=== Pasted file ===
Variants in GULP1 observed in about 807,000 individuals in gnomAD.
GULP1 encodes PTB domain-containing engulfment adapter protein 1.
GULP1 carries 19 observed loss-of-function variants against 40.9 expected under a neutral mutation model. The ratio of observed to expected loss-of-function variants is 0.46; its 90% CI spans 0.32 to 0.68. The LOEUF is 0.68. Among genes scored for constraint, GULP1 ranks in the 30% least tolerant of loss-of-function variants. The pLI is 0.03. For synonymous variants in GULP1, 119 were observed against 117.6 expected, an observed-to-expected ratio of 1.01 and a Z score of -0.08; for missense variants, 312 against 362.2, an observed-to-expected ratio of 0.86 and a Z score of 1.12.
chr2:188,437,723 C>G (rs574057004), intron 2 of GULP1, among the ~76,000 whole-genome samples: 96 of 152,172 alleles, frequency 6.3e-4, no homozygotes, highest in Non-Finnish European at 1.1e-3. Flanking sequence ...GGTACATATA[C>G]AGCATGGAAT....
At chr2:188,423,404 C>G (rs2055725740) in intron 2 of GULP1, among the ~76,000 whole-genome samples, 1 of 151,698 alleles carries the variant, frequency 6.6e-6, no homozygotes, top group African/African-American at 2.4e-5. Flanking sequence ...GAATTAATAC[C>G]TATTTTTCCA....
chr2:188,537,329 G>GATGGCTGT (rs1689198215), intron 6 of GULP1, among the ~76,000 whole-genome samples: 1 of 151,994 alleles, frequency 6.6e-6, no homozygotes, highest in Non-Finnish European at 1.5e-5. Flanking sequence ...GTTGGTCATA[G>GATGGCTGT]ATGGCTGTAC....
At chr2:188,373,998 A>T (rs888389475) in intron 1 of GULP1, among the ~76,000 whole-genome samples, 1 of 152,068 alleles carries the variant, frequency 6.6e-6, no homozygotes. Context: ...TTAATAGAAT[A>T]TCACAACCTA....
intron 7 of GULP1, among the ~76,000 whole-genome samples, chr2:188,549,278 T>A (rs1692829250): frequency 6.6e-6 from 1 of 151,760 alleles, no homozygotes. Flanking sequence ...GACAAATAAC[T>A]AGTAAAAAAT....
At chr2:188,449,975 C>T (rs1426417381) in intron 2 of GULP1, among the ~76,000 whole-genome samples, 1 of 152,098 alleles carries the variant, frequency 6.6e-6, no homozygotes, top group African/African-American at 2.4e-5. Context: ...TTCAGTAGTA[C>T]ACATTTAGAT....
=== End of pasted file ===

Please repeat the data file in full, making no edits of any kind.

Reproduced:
Variants in GULP1 observed in about 807,000 individuals in gnomAD.
GULP1 encodes PTB domain-containing engulfment adapter protein 1.
GULP1 carries 19 observed loss-of-function variants against 40.9 expected under a neutral mutation model. The ratio of observed to expected loss-of-function variants is 0.46; its 90% CI spans 0.32 to 0.68. The LOEUF is 0.68. Among genes scored for constraint, GULP1 ranks in the 30% least tolerant of loss-of-function variants. The pLI is 0.03. For synonymous variants in GULP1, 119 were observed against 117.6 expected, an observed-to-expected ratio of 1.01 and a Z score of -0.08; for missense variants, 312 against 362.2, an observed-to-expected ratio of 0.86 and a Z score of 1.12.
chr2:188,437,723 C>G (rs574057004), intron 2 of GULP1, among the ~76,000 whole-genome samples: 96 of 152,172 alleles, frequency 6.3e-4, no homozygotes, highest in Non-Finnish European at 1.1e-3. Flanking sequence ...GGTACATATA[C>G]AGCATGGAAT....
At chr2:188,423,404 C>G (rs2055725740) in intron 2 of GULP1, among the ~76,000 whole-genome samples, 1 of 151,698 alleles carries the variant, frequency 6.6e-6, no homozygotes, top group African/African-American at 2.4e-5. Flanking sequence ...GAATTAATAC[C>G]TATTTTTCCA....
chr2:188,537,329 G>GATGGCTGT (rs1689198215), intron 6 of GULP1, among the ~76,000 whole-genome samples: 1 of 151,994 alleles, frequency 6.6e-6, no homozygotes, highest in Non-Finnish European at 1.5e-5. Flanking sequence ...GTTGGTCATA[G>GATGGCTGT]ATGGCTGTAC....
At chr2:188,373,998 A>T (rs888389475) in intron 1 of GULP1, among the ~76,000 whole-genome samples, 1 of 152,068 alleles carries the variant, frequency 6.6e-6, no homozygotes. Context: ...TTAATAGAAT[A>T]TCACAACCTA....
intron 7 of GULP1, among the ~76,000 whole-genome samples, chr2:188,549,278 T>A (rs1692829250): frequency 6.6e-6 from 1 of 151,760 alleles, no homozygotes. Flanking sequence ...GACAAATAAC[T>A]AGTAAAAAAT....
At chr2:188,449,975 C>T (rs1426417381) in intron 2 of GULP1, among the ~76,000 whole-genome samples, 1 of 152,098 alleles carries the variant, frequency 6.6e-6, no homozygotes, top group African/African-American at 2.4e-5. Context: ...TTCAGTAGTA[C>T]ACATTTAGAT....